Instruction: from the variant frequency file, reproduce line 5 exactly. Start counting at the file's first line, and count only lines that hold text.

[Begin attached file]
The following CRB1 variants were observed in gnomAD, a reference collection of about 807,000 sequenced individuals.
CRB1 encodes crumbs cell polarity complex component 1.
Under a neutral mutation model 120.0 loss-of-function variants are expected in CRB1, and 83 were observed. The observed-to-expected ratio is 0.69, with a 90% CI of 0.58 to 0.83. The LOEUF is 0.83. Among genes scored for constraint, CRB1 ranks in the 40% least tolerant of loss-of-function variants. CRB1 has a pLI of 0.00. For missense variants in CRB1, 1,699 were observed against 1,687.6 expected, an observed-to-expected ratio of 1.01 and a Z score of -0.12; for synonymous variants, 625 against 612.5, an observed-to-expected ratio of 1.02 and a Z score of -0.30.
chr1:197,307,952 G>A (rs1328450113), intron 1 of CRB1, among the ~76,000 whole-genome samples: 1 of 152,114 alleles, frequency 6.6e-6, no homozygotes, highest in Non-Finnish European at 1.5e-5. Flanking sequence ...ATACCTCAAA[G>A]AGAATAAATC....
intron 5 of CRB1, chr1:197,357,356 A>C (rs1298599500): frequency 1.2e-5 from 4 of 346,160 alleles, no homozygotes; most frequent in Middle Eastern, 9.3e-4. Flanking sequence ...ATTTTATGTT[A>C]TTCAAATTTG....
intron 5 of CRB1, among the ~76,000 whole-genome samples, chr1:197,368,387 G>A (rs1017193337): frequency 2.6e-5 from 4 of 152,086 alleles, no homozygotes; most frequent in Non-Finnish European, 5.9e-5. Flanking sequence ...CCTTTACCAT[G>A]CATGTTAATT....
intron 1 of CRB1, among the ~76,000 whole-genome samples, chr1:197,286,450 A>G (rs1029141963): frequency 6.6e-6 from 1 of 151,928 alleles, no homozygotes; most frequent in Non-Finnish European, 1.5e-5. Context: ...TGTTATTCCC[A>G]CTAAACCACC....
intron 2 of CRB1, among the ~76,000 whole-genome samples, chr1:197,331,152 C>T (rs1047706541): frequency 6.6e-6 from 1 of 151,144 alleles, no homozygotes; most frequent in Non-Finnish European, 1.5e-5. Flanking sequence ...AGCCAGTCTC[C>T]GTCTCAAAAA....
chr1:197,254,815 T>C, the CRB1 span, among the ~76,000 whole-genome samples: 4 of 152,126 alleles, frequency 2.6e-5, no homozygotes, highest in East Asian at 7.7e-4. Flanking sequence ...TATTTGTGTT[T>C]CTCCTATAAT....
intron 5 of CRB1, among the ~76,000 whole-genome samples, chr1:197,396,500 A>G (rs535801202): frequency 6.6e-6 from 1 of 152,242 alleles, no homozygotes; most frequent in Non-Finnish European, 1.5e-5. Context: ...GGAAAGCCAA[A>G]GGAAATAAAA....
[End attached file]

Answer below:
intron 5 of CRB1, chr1:197,357,356 A>C (rs1298599500): frequency 1.2e-5 from 4 of 346,160 alleles, no homozygotes; most frequent in Middle Eastern, 9.3e-4. Flanking sequence ...ATTTTATGTT[A>C]TTCAAATTTG....